II. The Miracle
Evening descended upon these virginal forms. But the white mass resisted the shadows, and when the walls were draped in mourning, these bodies still shed light. The very gloom lent them grace and the illusion of nakedness. At this hour Pygmalion could feel them throb with a life that was different from the changeless existence of marble. Twilight tinged their limbs with its ruddy flame and on their breasts the setting sun traced a lingering hand.
That evening the zephyrs pulsed with voluptuousness. From the near-by sea where Venus ruled in her naked chastity, came an enervating languor. First Pygmalion kissed her naked feet, nestling his feverish head against her nubile thighs. Then, with a brusque movement, he arose on the pedestal and sealed her speechless lips with the human compact of a kiss. It was the first kiss of love. He lowered his eyes in shame. Suddenly, however, they grew wide with amazement and thrilling terror before the miracle: the statue had come to life and was stirring. A blush of blood rose to its cheeks. A tremor of life rippled down from its neck to its rosy feet. Slowly, slowly, with rhythmic pauses, the breasts began to rise. And the terrified lashes fluttered before the light.
Now he no longer doubted. His hands became as tender as a gardener’s. At their touch, the marble lost all weight and hardness. The tresses became as black as if the night had been kneaded into them, but the eyes acquired the luminosity of the sea.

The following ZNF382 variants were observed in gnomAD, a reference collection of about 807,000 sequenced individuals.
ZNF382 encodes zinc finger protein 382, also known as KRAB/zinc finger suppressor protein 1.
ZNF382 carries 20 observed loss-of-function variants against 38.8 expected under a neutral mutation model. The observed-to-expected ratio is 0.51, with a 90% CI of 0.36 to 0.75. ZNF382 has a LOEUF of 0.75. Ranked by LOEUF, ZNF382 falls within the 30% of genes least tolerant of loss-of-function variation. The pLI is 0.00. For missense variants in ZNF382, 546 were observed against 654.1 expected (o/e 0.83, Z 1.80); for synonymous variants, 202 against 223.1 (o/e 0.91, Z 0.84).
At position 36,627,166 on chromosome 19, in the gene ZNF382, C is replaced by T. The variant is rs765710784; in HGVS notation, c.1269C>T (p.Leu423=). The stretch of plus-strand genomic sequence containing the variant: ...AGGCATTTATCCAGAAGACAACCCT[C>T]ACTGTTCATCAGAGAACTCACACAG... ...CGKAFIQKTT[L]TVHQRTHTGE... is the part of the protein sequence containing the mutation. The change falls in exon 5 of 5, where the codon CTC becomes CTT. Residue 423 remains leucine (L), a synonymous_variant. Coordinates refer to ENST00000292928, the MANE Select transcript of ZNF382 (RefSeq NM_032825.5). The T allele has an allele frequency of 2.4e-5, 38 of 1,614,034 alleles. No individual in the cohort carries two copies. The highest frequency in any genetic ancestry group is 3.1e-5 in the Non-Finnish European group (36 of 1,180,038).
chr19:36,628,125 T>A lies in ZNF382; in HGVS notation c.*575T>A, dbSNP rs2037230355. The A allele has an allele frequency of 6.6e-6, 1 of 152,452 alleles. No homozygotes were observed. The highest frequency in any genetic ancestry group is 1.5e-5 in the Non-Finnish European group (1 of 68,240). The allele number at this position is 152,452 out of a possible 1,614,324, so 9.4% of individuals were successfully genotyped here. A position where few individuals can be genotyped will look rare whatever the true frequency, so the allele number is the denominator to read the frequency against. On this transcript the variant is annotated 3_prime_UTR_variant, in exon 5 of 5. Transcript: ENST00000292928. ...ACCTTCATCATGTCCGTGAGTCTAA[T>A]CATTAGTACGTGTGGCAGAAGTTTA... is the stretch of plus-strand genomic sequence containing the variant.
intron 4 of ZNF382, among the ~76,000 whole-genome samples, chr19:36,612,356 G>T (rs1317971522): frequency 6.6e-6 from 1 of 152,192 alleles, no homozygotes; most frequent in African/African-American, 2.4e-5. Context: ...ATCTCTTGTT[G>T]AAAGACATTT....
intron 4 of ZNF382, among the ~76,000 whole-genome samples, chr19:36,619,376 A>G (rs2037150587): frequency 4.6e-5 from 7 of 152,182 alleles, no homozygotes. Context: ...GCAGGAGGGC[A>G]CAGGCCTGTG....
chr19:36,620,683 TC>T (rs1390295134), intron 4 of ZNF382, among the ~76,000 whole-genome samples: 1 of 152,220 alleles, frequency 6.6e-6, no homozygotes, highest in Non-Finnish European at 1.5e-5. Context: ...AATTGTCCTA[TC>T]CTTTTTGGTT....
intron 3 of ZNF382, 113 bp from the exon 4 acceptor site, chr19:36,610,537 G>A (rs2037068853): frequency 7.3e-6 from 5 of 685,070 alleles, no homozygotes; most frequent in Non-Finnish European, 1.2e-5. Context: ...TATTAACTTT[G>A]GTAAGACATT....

She did not speak; she smiled with an expression of astonishment upon her radiant face. Like a child in a cradle she stretched out a hand to touch Pygmalion’s hair. As she parted the dark locks, she laughed. It was a clear laughter. He spoke a few words, and for the first time her smooth forehead wrinkled in an effort to understand.
She was lulled in a tender stupor, for doubtless life is more fatiguing than motionless eternity. Delirious, as if after infinite labors he were about to lose his greatest work, Pygmalion watched for signs of life. In her repose, Galatea, with her arms crossed over her bosom, her lips supine and on her face such a sleeping abandon, evoked not the proud image of a marble goddess but that of sad flesh seeking the shelter of love. By divine consent she had been fashioned, not of common clay, but of pure marble. And, as in the hours of creation, so he too felt divine.
All that night he kept vigil over this tender life. At the first glimmer of daybreak his amazement was repeated. All trace of marmorean life had disappeared in Galatea. Perhaps in her flesh there remained the polished softness where caresses glide. But in her lips and in her arms, in the hair that cascaded over her shoulders, there were an earthly grace and frailty. Only in her eyes without pupils there floated the vagueness of an Olympian remembrance.
She did not speak because she had been eternal. Doubtless, with the light there entered into her mind a confused perception of earthly things. Her soul was like those Hindu blocks of ivory whereon one may sculpture alike the goatish visage of the satyr and the face of Pallas Athena.The Legend of Pygmalion